The authorship of Isaiah

Although I think I could theologically live with the currently popular suggestion that the book of Isaiah was composed by at least three different sources, I find the reasons for thinking so very weak and often the reasons beg a more seminal question (about Josiah’s reform and by extension the entire standard documentary hypothesis).

Generally the breakdown between proto-Isaiah, Deutero-Isaiah, and Trito-Isaiah works as follows: chapters 1-39 belong to the first Isaiah, “the prophet of judgement”, whereas chapters 40-55 are the work of second Isaiah (Deutero), and finally chapters 56-66 are third Isaiah. First-Isaiah is generally assumed to be the real Isaiah in the eighth century B.C. and who depicts God in henotheistic fashion. Second-Isaiah is thought to be from the sixth century, and is recognized sometimes as being the inventor of Monotheism! Third-Isaiah is thought to be as late as 400 B.C. as thus clearly writing from a post-exilic perspective.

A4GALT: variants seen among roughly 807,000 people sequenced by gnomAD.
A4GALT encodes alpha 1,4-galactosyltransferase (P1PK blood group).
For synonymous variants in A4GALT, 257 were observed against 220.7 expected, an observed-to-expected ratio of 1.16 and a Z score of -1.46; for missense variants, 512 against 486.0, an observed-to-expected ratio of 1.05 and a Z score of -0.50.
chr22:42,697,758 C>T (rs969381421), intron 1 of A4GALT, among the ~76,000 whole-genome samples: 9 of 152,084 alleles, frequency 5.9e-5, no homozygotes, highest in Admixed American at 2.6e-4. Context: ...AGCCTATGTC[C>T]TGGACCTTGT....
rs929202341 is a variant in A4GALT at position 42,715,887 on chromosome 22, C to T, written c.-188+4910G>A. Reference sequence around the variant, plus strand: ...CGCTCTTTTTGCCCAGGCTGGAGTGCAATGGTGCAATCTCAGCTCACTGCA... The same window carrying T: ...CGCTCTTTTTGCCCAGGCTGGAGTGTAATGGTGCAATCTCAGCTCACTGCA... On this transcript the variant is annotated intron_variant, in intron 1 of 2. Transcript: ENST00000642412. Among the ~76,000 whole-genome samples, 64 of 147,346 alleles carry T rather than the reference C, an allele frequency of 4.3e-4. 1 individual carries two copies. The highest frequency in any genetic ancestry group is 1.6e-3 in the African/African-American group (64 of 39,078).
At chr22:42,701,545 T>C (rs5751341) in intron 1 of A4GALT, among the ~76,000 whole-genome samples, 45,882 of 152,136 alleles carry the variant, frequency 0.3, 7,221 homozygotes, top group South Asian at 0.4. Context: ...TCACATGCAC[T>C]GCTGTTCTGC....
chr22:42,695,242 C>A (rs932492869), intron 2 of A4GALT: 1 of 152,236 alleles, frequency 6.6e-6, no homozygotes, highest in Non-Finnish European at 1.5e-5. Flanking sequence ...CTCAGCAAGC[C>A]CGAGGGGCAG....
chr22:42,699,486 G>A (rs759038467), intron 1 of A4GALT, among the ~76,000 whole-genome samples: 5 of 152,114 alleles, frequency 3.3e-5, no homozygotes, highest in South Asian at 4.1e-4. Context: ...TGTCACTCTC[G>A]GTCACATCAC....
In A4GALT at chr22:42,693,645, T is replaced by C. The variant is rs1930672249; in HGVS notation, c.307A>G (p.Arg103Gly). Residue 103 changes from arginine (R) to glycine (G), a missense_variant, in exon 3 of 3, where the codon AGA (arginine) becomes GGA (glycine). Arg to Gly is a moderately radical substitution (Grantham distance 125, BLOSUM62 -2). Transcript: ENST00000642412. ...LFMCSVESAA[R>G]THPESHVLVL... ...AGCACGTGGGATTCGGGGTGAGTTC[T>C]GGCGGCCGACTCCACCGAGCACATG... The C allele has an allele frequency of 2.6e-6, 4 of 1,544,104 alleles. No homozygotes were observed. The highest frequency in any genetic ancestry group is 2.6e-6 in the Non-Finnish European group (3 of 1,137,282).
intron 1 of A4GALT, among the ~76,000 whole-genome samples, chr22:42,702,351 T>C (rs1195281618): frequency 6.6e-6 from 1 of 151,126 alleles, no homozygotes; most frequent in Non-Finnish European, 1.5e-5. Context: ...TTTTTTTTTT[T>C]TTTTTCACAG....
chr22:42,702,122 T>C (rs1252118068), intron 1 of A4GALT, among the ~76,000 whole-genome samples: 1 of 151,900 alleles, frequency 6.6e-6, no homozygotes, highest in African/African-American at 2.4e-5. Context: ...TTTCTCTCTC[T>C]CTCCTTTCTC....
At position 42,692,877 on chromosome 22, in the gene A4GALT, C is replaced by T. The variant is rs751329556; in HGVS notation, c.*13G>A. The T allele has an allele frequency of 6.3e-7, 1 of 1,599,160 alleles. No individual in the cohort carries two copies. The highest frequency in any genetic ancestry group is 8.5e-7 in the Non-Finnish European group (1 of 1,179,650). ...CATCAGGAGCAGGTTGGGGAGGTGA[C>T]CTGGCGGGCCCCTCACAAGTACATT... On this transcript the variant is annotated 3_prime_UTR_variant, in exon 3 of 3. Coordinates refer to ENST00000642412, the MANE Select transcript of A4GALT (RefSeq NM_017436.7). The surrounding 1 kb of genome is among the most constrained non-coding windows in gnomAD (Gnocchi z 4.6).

First of all, all of the arguments for thinking that this division of authorship is well supported are themselves not based on any manuscript evidence (Even the two copies of Isaiah among the Dead Sea Scrolls do not evidence any break at these chapters, even though Qumran scrolls demonstrate something like that for the book of Jeremiah), nor on any historical evidence (no historical witness exists to this effect anywhere in the ancient world) but rather on tentative arguments from form-criticism and historical-criticism. The style, in other words, is thought to be just too ‘different’ from one section to another. For example first Isaiah focuses his hope on the Davidic King (Isaiah 9:5-7, 11:1-12 etc) whereas second Isaiah focuses his hope on the suffering servant (Isaiah 52:13-53:12). First Isaiah may have been able to predict the coming Babylonian captivity, but second-Isaiah seems to have written from within a context of that captivity.

The Catholic Encyclopedia, in its article on the prophet Isaias, says: